State health officer: Expand Medicaid, improve health
Montgomery Advertiser, August 20, 2015
Dr. Don Williamson was direct when asked how to improve Alabama's health.
“I would expand Medicaid,” Williamson, the State Health Officer, said at a meeting of the Alabama Health Improvement Task Force Wednesday afternoon. “It’s that simple.”
But Williamson, a 20-year veteran of Alabama state government leaving in November to head the Alabama Hospital Association, pointed out after the meeting that the state’s health care politics aren’t simple.
“To expand the number people to be covered, you need the money for match,” Williamson said after the meeting. “You’ve got to have legislative support for that. And rule revisions. You’ve got to have rule revisions that are going to have to go through Legislative Council . . . you can’t cover the working poor without a consensus. Not only of the executive branch, but of the legislative branch.”
Still, the comments represented the first time a high-ranking state official, one who worked with Gov. Robert Bentley on changes to Medicaid delivery, openly discussed advantages of opting into the Affordable Care Act’s expansion option.
Eligibility for Medicaid in Alabama is limited to children and pregnant women. Childless adults almost never qualify, and parents of children on Medicaid can receive benefits only if they make 18 percent of the poverty level -- $4,368 a year in a household of four. Under the ACA, Medicaid eligibility would expand to those making 138 percent of the poverty line -- $16,243 a year for an individual, and $33,465 for a family of four.
According to the Kaiser Family Foundation, about 176,000 Alabamians fall into a “coverage gap,” where they make too much money to qualify for Medicaid, and too little to qualify for subsidies offered in the federal insurance exchange.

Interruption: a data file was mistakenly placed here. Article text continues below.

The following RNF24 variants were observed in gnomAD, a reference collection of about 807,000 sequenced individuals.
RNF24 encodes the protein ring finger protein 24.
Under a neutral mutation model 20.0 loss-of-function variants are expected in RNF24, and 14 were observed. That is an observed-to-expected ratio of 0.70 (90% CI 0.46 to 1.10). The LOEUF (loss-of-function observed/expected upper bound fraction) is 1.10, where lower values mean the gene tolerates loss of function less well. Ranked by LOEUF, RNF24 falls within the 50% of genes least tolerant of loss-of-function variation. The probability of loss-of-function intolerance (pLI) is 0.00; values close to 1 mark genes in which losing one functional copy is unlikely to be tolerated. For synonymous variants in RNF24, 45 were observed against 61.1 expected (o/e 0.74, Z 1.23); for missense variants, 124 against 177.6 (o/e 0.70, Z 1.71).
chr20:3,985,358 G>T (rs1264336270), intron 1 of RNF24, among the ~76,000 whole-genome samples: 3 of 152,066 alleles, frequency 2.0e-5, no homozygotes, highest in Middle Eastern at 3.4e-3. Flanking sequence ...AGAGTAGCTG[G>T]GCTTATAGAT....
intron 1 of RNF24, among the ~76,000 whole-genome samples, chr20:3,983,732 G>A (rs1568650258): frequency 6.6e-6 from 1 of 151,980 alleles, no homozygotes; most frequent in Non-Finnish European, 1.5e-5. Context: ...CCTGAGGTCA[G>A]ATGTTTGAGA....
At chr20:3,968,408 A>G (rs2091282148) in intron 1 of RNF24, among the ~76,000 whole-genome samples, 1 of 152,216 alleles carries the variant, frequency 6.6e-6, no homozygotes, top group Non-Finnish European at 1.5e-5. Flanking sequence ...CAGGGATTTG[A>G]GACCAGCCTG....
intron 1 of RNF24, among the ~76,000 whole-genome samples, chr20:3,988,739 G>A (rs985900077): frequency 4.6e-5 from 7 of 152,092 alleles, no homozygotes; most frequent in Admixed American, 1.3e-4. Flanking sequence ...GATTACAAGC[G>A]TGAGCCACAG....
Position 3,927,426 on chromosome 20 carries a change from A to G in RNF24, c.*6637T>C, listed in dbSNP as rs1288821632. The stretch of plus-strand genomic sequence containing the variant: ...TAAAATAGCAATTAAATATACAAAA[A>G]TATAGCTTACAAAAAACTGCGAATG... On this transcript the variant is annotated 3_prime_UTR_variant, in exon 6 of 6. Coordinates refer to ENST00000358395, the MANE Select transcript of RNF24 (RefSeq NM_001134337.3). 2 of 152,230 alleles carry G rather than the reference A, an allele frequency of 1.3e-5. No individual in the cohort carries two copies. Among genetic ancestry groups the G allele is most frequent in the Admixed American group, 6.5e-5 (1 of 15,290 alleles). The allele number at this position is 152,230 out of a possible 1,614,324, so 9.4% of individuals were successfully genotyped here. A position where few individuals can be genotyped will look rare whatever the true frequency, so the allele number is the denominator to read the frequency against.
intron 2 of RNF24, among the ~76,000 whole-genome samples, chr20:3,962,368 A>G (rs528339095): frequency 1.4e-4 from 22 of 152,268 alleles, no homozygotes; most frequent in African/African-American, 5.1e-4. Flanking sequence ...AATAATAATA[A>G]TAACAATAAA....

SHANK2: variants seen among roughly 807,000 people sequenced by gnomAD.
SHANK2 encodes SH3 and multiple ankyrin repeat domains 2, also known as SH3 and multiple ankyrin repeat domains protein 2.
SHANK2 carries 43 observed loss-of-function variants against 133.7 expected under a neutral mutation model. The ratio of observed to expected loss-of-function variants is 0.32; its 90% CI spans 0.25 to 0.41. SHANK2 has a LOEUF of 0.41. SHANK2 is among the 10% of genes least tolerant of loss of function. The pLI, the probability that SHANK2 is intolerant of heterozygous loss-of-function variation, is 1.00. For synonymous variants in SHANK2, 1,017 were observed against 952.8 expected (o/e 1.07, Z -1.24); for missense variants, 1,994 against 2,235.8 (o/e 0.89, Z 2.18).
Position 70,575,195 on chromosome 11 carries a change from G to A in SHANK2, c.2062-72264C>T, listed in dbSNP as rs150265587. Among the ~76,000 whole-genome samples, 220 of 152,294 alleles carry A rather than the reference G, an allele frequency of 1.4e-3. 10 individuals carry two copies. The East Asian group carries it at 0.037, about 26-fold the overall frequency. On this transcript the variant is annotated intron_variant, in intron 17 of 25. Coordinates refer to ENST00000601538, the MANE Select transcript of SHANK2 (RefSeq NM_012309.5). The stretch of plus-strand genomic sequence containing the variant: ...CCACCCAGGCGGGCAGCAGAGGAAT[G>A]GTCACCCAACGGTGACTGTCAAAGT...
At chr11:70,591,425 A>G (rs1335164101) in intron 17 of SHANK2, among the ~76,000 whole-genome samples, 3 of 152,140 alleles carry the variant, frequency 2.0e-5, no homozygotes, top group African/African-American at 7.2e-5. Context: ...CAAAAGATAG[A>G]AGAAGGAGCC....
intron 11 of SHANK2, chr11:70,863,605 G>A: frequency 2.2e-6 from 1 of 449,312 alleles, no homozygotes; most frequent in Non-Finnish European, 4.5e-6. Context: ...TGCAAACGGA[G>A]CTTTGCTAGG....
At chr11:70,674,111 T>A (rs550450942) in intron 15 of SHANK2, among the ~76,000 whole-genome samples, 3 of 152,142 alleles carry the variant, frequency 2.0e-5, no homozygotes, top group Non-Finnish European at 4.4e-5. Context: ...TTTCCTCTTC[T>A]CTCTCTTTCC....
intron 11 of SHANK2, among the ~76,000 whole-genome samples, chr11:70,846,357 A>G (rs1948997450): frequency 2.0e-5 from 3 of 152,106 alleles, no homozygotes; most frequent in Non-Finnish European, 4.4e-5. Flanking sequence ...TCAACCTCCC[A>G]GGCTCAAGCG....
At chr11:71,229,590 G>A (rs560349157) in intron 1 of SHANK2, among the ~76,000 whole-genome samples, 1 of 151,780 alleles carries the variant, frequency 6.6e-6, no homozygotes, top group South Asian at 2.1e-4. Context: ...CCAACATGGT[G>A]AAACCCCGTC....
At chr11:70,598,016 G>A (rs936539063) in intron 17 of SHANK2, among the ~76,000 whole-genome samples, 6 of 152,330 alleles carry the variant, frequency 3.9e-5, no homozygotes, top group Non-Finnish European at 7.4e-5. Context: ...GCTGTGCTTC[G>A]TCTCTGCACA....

Alabama Republicans oppose Medicaid expansion, saying the state cannot afford it. The Senate passed a resolution in April expressing opposition to the idea.
Bentley, who refused to consider the proposal for most of his first term, said last December he was open to a block grant program with a work requirement. The Center for Medicare and Medicaid Services (CMS), which oversees both program, has rejected similar programs from other states, and health care advocates say most of those in the coverage gap have jobs.
Bentley said Tuesday talks were continuing with CMS.
“We haven’t agreed yet on everything,” he said. “That’s just some preliminary talks we’re working on right now.”
Williamson also voiced frustration with the limited benefits given to Medicaid recipients in the program. In particular, Williamson said he was “bothered” that the state did not cover adult dental care, insulin pumps or BRCA tests that identify a woman’s likelihood of developing breast or ovarian cancer.
“Blue Cross does that,” he said. “We ought to be able to do that.” Williamson also noted that Alabama covers about 35 percent more people than Mississippi, but pays 35 percent less.
By most measures, Alabama needs healthier outcomes. The state has a high infant mortality rate and the highest rate of diabetes in the nation, according to America’s Health Rankings, run by the United Health Foundation. Alabama also tends to rank high for obesity rates.
Williamson in the past has spoken about his broad support for access to health insurance, which he repeated on Tuesday after his Medicaid expansion comments.
“I am absolutely convinced people with access to health care have better outcomes,” he said. “I think people who have insurance do better. That’s what Don Williamson, the state health officer would do. I understand the politics.”